NC Forum

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New local school finance study finds persistent gap in funding across North Carolina

 

RALEIGH, NC  (April 6, 2016) – A study released today by the Public School Forum of North Carolina details a persistent resource gap in public school funding between the highest and lowest-wealth counties in the state. The 2016 Local School Finance Study found that in 2013-14, the state’s ten highest-spending counties spent an average of $57,497 more per classroom than the ten lowest-spending counties, an increase of $739 over the previous year, and 36 percent higher than it was ten years ago. Orange County alone spends about the same amount as the bottom six counties combined.

“The trend lines are clear – our poorest counties continue to fall further behind our wealthier counties in terms of resources available to their local schools,” said Forum President and Executive Director Keith Poston. “Even though the ten poorest counties taxed themselves at nearly double the rate of the ten wealthiest counties, the revenue they could generate was substantially lower.”

The large spending gap exists primarily because of the variation in property wealth across the state, which in large part determines how much local revenue can be generated to support public schools.

For more than 25 years, the Public School Forum of North Carolina has isolated local spending from state and federal spending to examine the capacity and actual effort of counties to support public schools. The annual Local School Finance Study focuses not only on the amount that counties spend on schools, but also on each county’s investment in the context of that county’s taxable resources.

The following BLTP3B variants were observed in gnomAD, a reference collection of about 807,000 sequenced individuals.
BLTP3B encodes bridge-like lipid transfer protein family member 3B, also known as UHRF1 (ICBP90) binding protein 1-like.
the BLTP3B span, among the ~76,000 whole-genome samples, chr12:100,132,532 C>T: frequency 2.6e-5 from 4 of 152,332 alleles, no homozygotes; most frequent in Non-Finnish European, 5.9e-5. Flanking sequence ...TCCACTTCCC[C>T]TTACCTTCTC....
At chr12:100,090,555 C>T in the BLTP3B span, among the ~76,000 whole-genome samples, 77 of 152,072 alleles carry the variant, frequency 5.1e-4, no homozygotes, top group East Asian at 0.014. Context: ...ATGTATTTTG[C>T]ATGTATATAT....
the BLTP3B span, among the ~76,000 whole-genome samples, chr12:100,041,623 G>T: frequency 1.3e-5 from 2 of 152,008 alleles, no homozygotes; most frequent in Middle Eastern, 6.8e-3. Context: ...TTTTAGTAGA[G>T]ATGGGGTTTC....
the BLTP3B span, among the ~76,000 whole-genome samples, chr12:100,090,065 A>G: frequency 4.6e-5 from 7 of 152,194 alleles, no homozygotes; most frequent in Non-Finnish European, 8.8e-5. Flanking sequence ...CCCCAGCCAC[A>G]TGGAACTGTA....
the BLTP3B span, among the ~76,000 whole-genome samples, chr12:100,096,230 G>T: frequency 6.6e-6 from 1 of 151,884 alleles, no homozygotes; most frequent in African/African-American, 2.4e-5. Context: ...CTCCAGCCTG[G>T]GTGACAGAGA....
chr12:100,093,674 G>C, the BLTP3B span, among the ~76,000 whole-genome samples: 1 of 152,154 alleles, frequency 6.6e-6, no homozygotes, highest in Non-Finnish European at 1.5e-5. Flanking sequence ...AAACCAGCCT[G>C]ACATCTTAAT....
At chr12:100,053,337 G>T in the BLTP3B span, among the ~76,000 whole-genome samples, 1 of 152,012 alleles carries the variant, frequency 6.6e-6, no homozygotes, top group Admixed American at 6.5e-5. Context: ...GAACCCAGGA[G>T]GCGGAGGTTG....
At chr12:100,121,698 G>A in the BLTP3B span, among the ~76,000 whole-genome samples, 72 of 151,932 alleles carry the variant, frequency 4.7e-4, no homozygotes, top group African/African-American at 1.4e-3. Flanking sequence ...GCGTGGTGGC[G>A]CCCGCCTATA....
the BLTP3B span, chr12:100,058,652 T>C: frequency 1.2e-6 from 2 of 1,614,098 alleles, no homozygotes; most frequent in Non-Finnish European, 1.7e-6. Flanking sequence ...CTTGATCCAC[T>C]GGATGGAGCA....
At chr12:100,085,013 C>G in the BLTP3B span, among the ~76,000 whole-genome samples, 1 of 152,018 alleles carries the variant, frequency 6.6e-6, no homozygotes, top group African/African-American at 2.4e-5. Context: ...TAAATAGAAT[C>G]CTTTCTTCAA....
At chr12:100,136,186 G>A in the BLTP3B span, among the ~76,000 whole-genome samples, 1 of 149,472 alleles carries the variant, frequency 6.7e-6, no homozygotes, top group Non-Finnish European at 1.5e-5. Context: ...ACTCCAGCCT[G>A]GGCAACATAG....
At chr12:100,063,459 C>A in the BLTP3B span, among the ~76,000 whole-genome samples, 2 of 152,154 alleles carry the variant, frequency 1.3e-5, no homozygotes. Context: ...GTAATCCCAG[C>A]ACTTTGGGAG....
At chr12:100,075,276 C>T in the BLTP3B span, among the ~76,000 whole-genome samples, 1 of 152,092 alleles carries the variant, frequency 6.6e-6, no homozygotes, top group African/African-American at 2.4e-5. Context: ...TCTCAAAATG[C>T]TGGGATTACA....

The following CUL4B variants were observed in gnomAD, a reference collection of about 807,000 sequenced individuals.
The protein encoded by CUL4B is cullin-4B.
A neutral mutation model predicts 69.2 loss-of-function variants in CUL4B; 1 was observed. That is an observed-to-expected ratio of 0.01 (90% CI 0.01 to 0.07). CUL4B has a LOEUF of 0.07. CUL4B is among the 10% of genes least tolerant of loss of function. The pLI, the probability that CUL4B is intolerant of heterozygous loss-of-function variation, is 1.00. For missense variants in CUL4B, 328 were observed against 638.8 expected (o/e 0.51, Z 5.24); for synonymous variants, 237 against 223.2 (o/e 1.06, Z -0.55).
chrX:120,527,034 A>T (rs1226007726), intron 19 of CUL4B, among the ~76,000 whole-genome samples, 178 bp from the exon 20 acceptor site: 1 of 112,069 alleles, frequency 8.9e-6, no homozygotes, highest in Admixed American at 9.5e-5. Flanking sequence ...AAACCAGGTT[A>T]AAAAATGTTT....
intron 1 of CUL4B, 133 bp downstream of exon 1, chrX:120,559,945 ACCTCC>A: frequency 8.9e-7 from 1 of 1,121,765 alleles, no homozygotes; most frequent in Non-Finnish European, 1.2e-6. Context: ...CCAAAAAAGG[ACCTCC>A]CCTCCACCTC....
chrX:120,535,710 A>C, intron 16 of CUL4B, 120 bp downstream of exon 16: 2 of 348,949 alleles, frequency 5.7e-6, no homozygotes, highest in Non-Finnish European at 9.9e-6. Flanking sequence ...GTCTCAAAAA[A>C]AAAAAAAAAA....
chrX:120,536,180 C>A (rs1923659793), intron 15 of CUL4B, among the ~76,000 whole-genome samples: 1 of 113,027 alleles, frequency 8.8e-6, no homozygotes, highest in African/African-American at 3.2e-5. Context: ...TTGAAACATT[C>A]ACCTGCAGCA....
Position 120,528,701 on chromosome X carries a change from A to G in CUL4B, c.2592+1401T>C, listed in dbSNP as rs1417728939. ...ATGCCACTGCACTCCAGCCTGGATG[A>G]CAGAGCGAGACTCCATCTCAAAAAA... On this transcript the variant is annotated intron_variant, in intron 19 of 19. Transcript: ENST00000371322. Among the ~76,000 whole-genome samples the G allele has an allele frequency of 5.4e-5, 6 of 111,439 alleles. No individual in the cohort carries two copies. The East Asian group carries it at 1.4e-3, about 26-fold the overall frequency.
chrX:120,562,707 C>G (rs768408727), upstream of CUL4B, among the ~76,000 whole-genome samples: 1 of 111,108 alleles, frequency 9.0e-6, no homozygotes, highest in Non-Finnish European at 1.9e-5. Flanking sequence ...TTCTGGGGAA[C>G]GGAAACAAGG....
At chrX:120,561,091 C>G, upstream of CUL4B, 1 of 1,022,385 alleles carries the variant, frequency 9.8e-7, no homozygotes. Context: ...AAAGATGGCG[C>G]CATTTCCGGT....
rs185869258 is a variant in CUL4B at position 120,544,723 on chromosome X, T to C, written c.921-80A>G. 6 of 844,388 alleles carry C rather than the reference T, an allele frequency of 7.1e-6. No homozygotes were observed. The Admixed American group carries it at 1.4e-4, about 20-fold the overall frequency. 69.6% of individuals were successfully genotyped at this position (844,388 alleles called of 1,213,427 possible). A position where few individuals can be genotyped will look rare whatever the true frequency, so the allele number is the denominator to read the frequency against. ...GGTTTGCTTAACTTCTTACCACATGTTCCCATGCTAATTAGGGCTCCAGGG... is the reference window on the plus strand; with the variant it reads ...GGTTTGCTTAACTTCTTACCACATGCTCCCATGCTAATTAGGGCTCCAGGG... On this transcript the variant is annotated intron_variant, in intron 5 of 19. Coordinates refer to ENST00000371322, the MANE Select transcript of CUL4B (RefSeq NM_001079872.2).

From the early years of the Study, two trends have become evident that have deepened over time. First, wealthier counties are able to spend more on schools while simultaneously making less taxing effort. Because wealthier counties have more taxable resources, they can keep taxes low while still generating significant revenues. Conversely, counties with fewer taxable resources need to make greater taxing effort to support their schools. Second, there is a widening gap between counties with many taxable resources and those with few, and as a result, a widening gap in counties’ school spending patterns.

“Policy decisions at the state level have narrowed the gap by providing additional funds for the state’s smallest and lowest-wealth counties,” Poston said. “However, even with these important, positive policy steps, investments in North Carolina schools still vary dramatically by zip code.”

Poston continued: “Young people born into one of the state’s economically thriving counties will have levels of investment in their education not shared elsewhere in the state, an unsustainable model if we expect to grow and prosper as a state.”

Under North Carolina’s state constitution and school finance laws dating back more than eight decades, it is the state’s responsibility to pay for instructional expenses (including personnel) while county governments pay for capital expenses (buildings and maintenance). Over time, however, the lines have become blurred, and the local role in funding school operations has increased. In 2013-14, counties spent $3 billion to fund instructional expenses, accounting for 25 percent of the combined federal, state, and local total. Counties provided funding for 994 principals and assistant principals (19.0 percent of the total), 6,567 teachers (6.9 percent of the total), 2,196 teacher assistants (9.5 percent of the total), and 3,104 professional instructional support personnel (20.7 percent of the total).

The Local School Finance Study has been used over time by district finance officers, county commissioners, school board members, and other state and local education officials, to frame debates about school funding and state and local priorities.

The full report is available for download as a PDF at https://www.ncforum.org/local-school-finance-study/. To request a hard copy of the study, please contact Shelly Owens at sowens@ncforum.org.